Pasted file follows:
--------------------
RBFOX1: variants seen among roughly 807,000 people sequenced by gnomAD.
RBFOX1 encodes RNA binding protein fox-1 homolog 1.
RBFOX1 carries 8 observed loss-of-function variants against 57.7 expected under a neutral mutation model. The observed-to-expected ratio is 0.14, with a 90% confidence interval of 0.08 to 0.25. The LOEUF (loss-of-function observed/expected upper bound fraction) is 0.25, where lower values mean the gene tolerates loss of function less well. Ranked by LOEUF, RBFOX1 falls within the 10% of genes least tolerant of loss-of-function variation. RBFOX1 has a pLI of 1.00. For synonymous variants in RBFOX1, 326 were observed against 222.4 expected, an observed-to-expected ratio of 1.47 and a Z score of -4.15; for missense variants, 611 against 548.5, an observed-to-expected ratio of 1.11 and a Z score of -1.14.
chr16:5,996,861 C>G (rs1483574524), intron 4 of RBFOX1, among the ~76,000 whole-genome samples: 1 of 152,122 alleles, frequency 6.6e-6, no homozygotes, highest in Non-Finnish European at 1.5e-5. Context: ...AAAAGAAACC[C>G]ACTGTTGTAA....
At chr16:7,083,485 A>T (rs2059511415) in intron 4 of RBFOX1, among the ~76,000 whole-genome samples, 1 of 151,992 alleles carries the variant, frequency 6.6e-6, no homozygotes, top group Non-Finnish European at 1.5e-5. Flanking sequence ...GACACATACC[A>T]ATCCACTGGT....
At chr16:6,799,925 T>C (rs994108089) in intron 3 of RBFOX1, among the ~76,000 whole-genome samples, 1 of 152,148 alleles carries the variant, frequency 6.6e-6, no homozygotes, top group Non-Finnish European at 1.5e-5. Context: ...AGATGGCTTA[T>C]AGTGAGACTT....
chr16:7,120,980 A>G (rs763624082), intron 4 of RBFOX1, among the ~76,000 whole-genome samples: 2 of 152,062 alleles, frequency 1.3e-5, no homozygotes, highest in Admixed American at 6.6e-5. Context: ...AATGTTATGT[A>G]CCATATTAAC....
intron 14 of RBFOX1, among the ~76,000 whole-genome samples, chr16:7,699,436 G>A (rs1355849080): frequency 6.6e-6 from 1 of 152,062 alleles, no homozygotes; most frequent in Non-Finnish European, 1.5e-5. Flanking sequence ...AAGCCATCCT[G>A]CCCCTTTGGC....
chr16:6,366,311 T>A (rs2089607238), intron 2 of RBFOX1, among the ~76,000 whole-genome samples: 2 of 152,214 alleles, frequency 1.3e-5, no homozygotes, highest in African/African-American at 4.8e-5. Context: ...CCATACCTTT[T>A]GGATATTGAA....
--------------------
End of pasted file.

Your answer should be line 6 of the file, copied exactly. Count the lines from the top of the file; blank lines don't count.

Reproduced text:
At chr16:6,799,925 T>C (rs994108089) in intron 3 of RBFOX1, among the ~76,000 whole-genome samples, 1 of 152,148 alleles carries the variant, frequency 6.6e-6, no homozygotes, top group Non-Finnish European at 1.5e-5. Context: ...AGATGGCTTA[T>C]AGTGAGACTT....